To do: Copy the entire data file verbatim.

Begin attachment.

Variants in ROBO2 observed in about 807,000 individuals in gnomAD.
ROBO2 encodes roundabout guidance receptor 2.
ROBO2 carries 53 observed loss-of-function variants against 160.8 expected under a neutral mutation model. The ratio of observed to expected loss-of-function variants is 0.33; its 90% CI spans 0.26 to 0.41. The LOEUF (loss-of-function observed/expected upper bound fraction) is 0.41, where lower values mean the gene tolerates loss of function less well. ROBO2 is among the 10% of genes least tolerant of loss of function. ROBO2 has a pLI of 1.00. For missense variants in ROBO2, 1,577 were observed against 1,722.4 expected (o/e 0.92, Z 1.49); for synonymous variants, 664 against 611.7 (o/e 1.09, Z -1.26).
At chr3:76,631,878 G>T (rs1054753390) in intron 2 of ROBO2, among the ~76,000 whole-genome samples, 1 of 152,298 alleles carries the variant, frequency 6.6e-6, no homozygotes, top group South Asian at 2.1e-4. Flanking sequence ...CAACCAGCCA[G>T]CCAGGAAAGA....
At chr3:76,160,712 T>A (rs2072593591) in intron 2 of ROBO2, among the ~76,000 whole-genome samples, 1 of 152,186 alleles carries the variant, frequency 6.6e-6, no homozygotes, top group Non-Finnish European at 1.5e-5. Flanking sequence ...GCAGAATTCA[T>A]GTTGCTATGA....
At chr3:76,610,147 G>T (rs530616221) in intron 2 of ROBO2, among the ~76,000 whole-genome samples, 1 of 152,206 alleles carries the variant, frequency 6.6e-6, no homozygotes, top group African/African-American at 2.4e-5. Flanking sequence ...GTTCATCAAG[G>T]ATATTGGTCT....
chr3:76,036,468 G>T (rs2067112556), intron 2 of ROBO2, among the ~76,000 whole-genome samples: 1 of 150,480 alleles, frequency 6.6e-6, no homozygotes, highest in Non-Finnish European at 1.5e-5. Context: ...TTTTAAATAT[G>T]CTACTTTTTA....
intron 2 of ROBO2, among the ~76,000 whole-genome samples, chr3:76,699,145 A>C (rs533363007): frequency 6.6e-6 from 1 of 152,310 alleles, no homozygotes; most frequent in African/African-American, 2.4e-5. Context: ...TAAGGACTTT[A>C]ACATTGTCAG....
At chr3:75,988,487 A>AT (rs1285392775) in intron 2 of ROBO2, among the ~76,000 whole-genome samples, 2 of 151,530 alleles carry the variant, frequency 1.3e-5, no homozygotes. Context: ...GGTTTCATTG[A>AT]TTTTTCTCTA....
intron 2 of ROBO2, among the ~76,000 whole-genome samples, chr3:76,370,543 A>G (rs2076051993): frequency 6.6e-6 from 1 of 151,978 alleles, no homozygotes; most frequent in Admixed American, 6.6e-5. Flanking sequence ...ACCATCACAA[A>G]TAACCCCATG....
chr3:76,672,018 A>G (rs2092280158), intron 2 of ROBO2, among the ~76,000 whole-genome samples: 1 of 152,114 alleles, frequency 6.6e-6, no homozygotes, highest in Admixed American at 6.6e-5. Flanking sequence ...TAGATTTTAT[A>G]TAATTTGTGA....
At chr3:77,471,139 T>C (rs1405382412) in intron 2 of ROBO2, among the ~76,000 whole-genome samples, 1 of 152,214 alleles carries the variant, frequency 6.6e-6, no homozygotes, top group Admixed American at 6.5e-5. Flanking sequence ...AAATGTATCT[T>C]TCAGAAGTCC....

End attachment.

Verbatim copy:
Variants in ROBO2 observed in about 807,000 individuals in gnomAD.
ROBO2 encodes roundabout guidance receptor 2.
ROBO2 carries 53 observed loss-of-function variants against 160.8 expected under a neutral mutation model. The ratio of observed to expected loss-of-function variants is 0.33; its 90% CI spans 0.26 to 0.41. The LOEUF (loss-of-function observed/expected upper bound fraction) is 0.41, where lower values mean the gene tolerates loss of function less well. ROBO2 is among the 10% of genes least tolerant of loss of function. ROBO2 has a pLI of 1.00. For missense variants in ROBO2, 1,577 were observed against 1,722.4 expected (o/e 0.92, Z 1.49); for synonymous variants, 664 against 611.7 (o/e 1.09, Z -1.26).
At chr3:76,631,878 G>T (rs1054753390) in intron 2 of ROBO2, among the ~76,000 whole-genome samples, 1 of 152,298 alleles carries the variant, frequency 6.6e-6, no homozygotes, top group South Asian at 2.1e-4. Flanking sequence ...CAACCAGCCA[G>T]CCAGGAAAGA....
At chr3:76,160,712 T>A (rs2072593591) in intron 2 of ROBO2, among the ~76,000 whole-genome samples, 1 of 152,186 alleles carries the variant, frequency 6.6e-6, no homozygotes, top group Non-Finnish European at 1.5e-5. Flanking sequence ...GCAGAATTCA[T>A]GTTGCTATGA....
At chr3:76,610,147 G>T (rs530616221) in intron 2 of ROBO2, among the ~76,000 whole-genome samples, 1 of 152,206 alleles carries the variant, frequency 6.6e-6, no homozygotes, top group African/African-American at 2.4e-5. Flanking sequence ...GTTCATCAAG[G>T]ATATTGGTCT....
chr3:76,036,468 G>T (rs2067112556), intron 2 of ROBO2, among the ~76,000 whole-genome samples: 1 of 150,480 alleles, frequency 6.6e-6, no homozygotes, highest in Non-Finnish European at 1.5e-5. Context: ...TTTTAAATAT[G>T]CTACTTTTTA....
intron 2 of ROBO2, among the ~76,000 whole-genome samples, chr3:76,699,145 A>C (rs533363007): frequency 6.6e-6 from 1 of 152,310 alleles, no homozygotes; most frequent in African/African-American, 2.4e-5. Context: ...TAAGGACTTT[A>C]ACATTGTCAG....
At chr3:75,988,487 A>AT (rs1285392775) in intron 2 of ROBO2, among the ~76,000 whole-genome samples, 2 of 151,530 alleles carry the variant, frequency 1.3e-5, no homozygotes. Context: ...GGTTTCATTG[A>AT]TTTTTCTCTA....
intron 2 of ROBO2, among the ~76,000 whole-genome samples, chr3:76,370,543 A>G (rs2076051993): frequency 6.6e-6 from 1 of 151,978 alleles, no homozygotes; most frequent in Admixed American, 6.6e-5. Flanking sequence ...ACCATCACAA[A>G]TAACCCCATG....
chr3:76,672,018 A>G (rs2092280158), intron 2 of ROBO2, among the ~76,000 whole-genome samples: 1 of 152,114 alleles, frequency 6.6e-6, no homozygotes, highest in Admixed American at 6.6e-5. Flanking sequence ...TAGATTTTAT[A>G]TAATTTGTGA....
At chr3:77,471,139 T>C (rs1405382412) in intron 2 of ROBO2, among the ~76,000 whole-genome samples, 1 of 152,214 alleles carries the variant, frequency 6.6e-6, no homozygotes, top group Admixed American at 6.5e-5. Flanking sequence ...AAATGTATCT[T>C]TCAGAAGTCC....